By Keith Walsh
British fashion impresario Tom Cridland is somewhat apologetic about the prospect of annoying Donald Trump supporters. Nevertheless, his new rock band The Tomicks have just purchased large poster advertisements in 105 stations of the London Underground, emblazoned with the band’s logo and the phrase “Forget ‘Make America Great Again – Let’s Make Rock N’ Roll Great Again.”
Cridland explains the logic behind the campaign: “That is going to be designed, not to make us into a political entity, it’s tongue and cheek, but it’s definitely going to get people talking. I think our idea is so eye-catching that it should create some kind of organic buzz of its own.” The ads were released on February 12; the original concept featured the phrase “F*@k Make America Great Again,” which was rejected by the advertising company’s copy team for its vulgarity.
The 4 x 4 posters – in striking black and white, placed alongside “people advertising iPhones and shaving gels,” Cridland explains, are part of a publicity blitz by The Tomicks for the February 22nd release of their self-titled, self-released debut album. The band features Cridland, who is 27, on drums and vocals, his girlfriend and business parter Deborah Marx, 26, on vocals (and keyboards for live shows) and Nick Whitehead, 25, on piano and organ. The album also features guitar and bass work by industry veteran Kenji Suzuki, while a varying lineup of guitarists and bassists will feature on live work at this point.
“Tube advertising is usually something taken out by signed bands,” Cridland explained. “I kind of enquired with them as kind of a pie in the sky thing…..It turned out that it’s actually way more affordable than I thought.” Cridland, who built his clothing business mostly through public relations and has received positive press from CNN, Fox News, The BBC, Forbes, and The Economist among dozens of others, says he hates paying for advertising but made an exception in this case. “There’s a difference,” he says. “Advertising in the London Underground, with big platform ads saying ‘Forget Make America Great Again,’ is more a kind of PR stunt than it is like advertising.”
The Tomicks have a series of shows set up for the launch. “We’re playing a gig at the Half Moon in Putney,” Cridland explains, “which is a pretty legendary rock and roll pub, that has been played by The Who, and the Rolling Stones, and U2. The Troubadour, we’re going back there for two nights there after, sort of an extended album launch celebration.” Slated for February 22nd to coincide with the album release date, all proceeds from the Half Moon gig will go to one of Tom’s favorite charities, Help Musicians UK.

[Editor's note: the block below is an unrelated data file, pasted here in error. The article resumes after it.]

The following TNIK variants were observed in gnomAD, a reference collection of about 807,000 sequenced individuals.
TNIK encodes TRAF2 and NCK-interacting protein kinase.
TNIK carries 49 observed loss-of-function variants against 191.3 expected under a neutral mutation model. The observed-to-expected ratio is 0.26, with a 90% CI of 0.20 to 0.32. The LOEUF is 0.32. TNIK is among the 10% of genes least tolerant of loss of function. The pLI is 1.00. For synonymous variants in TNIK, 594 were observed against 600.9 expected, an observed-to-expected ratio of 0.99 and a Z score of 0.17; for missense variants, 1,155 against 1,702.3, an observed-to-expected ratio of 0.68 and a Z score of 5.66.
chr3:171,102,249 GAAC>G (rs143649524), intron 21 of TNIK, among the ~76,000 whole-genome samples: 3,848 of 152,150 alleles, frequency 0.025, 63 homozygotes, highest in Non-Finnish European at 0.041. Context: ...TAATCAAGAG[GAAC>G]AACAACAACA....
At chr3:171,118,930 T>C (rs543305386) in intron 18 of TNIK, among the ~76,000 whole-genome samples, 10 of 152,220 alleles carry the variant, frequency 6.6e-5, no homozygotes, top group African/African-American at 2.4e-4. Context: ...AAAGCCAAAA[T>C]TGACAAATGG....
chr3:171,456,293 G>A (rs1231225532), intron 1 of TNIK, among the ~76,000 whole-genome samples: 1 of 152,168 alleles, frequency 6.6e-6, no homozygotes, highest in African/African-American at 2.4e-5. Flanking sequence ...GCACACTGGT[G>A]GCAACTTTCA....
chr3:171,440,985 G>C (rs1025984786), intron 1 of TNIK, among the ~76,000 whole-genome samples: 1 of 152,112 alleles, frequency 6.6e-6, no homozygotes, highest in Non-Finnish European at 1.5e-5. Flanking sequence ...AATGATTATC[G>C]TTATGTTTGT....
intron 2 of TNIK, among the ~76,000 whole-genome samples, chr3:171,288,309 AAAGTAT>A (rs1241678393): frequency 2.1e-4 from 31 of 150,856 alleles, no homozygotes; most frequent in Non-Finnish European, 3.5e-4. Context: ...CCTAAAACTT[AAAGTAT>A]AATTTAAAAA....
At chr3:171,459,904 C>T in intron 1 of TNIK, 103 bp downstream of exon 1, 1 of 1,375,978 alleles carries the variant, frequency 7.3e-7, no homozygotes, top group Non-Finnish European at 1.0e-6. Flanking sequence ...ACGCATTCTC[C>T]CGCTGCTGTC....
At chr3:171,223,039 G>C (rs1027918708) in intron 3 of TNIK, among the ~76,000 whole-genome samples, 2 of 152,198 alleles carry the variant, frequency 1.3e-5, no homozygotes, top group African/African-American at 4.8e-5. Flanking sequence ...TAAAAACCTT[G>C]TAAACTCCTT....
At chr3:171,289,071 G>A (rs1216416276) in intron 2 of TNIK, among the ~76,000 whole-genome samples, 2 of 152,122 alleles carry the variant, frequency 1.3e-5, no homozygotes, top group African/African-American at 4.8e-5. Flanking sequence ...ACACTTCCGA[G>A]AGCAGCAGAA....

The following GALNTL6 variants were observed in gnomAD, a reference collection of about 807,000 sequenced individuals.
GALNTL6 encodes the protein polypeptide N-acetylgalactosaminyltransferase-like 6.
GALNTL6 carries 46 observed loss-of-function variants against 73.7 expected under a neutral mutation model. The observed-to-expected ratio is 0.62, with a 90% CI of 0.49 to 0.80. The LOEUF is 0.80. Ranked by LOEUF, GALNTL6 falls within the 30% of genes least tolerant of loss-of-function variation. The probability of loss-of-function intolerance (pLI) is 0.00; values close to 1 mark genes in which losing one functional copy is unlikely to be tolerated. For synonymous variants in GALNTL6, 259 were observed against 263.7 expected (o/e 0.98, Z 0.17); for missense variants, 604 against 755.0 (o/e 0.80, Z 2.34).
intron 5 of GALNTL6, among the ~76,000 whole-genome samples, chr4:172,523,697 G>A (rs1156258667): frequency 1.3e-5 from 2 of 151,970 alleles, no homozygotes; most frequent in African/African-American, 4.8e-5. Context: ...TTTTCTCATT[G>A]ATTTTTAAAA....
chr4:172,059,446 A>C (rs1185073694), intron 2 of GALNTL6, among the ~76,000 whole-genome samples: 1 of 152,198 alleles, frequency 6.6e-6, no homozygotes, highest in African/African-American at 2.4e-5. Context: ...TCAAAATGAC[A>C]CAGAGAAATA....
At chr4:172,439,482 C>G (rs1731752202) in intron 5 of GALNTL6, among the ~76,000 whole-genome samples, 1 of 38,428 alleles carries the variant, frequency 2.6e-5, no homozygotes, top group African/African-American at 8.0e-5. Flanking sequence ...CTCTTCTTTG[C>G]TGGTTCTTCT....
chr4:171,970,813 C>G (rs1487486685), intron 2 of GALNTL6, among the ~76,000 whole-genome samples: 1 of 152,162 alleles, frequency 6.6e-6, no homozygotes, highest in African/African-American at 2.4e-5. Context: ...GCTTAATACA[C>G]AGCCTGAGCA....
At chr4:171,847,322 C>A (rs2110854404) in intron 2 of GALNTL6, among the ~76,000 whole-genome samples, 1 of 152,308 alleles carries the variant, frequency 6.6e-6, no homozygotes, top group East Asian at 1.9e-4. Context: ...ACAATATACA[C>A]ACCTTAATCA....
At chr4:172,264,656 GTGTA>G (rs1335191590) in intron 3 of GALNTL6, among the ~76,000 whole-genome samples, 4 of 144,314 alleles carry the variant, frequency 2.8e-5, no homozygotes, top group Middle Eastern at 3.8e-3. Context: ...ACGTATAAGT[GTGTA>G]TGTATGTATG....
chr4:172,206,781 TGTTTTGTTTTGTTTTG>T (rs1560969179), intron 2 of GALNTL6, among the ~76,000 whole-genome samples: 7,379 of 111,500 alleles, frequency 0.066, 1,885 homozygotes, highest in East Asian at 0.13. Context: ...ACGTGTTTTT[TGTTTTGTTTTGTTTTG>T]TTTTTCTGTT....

The Tomicks began playing live in November 2017, with gigs around London, including The Fiddler’s Elbow and Bedford as well as the legendary Troubadour. Reception has been positive, with streaming numbers steadily increasing in advance of the album’s release (a three song single was released in October). As Cridland explained to me in November, as the band prepared for months of live performances, “We’re really going to play our absolute best. I’m really confident in kind of cutting through the noise and getting some exposure.”
Cridland’s PR firm Tom Cridland Public Relations’ activities include legwork around London which found Cridland hand delivering CDs to prominent media outlets like the BBC and The Times of London. “Everybody’s pitching, and it’s a difficult business,” he explained. Given his promotional talents along with the excellence of the album, one believes Cridland can bring his band to prominence, using the same set of skills that he used to build his online fashion company. “It’s like starting my brand again. This band is like starting my brand again from the ground up,” he explains. A point in the band’s favor: The Tomicks are receiving advice “on an informal basis,” from Elton John’s management company, Rocket Music.